Calvinist Covenant Theology, refracted through the colonial experience in New England, had a large influence on the American Founding. A book out last month from Yale University Press, Kinship by Covenant: A Canonical Approach to the Fulfillment of God’s Saving Promises, by theologian Scott Hahn (Franciscan University of Steubenville), traces the role of covenant in Scripture. Here’s the description from Yale’s website:
While the canonical scriptures were produced over many centuries and represent a diverse library of texts, they are unified by stories of divine covenants and their implications for God’s people. In this deeply researched and thoughtful book, Scott Hahn shows how covenant, as an overarching theme, makes possible a coherent reading of the diverse traditions found within the canonical scriptures.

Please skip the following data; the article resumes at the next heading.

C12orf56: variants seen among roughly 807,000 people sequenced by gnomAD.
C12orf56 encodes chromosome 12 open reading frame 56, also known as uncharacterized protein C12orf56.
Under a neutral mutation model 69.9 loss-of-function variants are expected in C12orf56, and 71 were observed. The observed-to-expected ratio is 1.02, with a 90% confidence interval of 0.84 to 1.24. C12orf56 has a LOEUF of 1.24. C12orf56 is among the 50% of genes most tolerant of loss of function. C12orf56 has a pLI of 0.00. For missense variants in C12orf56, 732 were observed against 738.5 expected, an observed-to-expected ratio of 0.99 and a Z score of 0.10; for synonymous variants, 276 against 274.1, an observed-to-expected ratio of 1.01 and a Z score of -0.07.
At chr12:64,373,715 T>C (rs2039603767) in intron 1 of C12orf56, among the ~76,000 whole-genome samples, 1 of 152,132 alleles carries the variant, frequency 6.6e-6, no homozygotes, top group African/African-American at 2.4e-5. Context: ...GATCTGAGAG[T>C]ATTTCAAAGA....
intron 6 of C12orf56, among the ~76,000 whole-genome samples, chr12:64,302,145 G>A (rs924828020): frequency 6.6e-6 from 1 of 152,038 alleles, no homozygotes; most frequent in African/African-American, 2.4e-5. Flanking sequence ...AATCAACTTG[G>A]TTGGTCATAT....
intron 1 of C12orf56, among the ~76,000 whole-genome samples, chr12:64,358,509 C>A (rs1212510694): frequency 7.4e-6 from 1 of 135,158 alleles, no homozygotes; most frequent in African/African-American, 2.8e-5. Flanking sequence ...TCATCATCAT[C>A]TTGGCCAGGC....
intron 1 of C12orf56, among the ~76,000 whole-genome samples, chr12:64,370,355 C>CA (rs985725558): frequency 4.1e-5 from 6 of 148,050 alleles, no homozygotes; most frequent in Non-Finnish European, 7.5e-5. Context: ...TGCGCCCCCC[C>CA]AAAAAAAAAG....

Biblical covenants, though varied in form and content, all serve the purpose of extending sacred bonds of kinship, Hahn explains. Specifically, divine covenants form and shape a father-son bond between God and the chosen people. Biblical narratives turn on that fact, and biblical theology depends upon it. With meticulous attention to detail, the author demonstrates how divine sonship represents a covenant relationship with God that has been consistent throughout salvation history. A canonical reading of this divine plan reveals an illuminating pattern of promise and fulfillment in both the Old and New Testaments. God’s saving mercies are based upon his sworn commitments, which he keeps even when his people break the covenant.